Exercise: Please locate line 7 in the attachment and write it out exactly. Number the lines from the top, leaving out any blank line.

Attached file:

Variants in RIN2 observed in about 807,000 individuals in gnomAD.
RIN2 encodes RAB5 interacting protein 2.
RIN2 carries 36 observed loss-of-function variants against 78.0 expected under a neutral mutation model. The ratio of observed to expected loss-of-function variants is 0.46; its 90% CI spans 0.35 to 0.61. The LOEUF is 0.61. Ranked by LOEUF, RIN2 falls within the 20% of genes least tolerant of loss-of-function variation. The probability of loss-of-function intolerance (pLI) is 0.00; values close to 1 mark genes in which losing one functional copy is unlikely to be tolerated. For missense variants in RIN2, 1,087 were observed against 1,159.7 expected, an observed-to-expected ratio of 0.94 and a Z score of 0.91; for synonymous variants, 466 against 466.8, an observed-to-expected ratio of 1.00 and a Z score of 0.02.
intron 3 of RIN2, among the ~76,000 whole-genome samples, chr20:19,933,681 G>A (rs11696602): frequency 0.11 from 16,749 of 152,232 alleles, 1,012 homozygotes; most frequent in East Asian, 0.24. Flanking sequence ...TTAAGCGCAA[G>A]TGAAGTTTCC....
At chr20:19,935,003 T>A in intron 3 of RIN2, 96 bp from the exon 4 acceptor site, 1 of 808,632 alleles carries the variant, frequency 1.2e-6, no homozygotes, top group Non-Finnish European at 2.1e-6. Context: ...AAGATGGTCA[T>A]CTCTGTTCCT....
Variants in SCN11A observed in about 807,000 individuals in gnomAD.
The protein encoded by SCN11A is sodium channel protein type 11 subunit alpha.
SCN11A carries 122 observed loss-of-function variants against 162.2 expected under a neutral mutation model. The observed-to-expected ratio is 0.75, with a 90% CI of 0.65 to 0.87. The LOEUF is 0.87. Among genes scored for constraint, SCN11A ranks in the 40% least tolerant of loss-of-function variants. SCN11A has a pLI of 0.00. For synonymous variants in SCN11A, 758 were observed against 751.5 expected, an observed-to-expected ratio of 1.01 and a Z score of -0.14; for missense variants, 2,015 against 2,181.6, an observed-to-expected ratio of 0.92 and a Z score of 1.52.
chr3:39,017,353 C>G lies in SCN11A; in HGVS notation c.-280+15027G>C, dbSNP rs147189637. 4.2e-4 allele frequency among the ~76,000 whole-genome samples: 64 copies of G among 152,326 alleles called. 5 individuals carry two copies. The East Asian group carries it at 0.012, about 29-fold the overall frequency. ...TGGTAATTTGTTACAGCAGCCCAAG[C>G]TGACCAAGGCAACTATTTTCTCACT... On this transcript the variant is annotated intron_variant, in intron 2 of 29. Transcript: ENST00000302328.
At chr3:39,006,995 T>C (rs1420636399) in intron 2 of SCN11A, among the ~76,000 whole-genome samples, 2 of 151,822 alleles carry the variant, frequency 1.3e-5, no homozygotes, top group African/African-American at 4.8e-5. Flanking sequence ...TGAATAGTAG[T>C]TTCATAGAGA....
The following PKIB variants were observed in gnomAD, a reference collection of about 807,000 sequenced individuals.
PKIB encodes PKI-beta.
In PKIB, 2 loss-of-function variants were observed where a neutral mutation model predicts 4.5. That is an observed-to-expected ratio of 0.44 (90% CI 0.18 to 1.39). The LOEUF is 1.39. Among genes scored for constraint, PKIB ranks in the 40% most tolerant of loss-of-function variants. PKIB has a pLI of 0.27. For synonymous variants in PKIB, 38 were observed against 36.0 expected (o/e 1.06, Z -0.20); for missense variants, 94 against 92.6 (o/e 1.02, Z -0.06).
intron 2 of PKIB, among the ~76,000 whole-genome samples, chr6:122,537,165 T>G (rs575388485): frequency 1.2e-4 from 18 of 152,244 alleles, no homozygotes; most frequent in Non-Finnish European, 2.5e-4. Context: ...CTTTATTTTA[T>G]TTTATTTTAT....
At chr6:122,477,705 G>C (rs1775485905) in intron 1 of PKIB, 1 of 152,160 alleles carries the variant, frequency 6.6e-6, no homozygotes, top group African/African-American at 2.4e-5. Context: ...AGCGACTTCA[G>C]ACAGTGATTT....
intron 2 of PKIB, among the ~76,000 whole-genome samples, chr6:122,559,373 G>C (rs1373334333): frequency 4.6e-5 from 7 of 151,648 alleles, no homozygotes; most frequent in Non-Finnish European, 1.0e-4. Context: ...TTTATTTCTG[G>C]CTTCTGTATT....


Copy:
The protein encoded by SCN11A is sodium channel protein type 11 subunit alpha.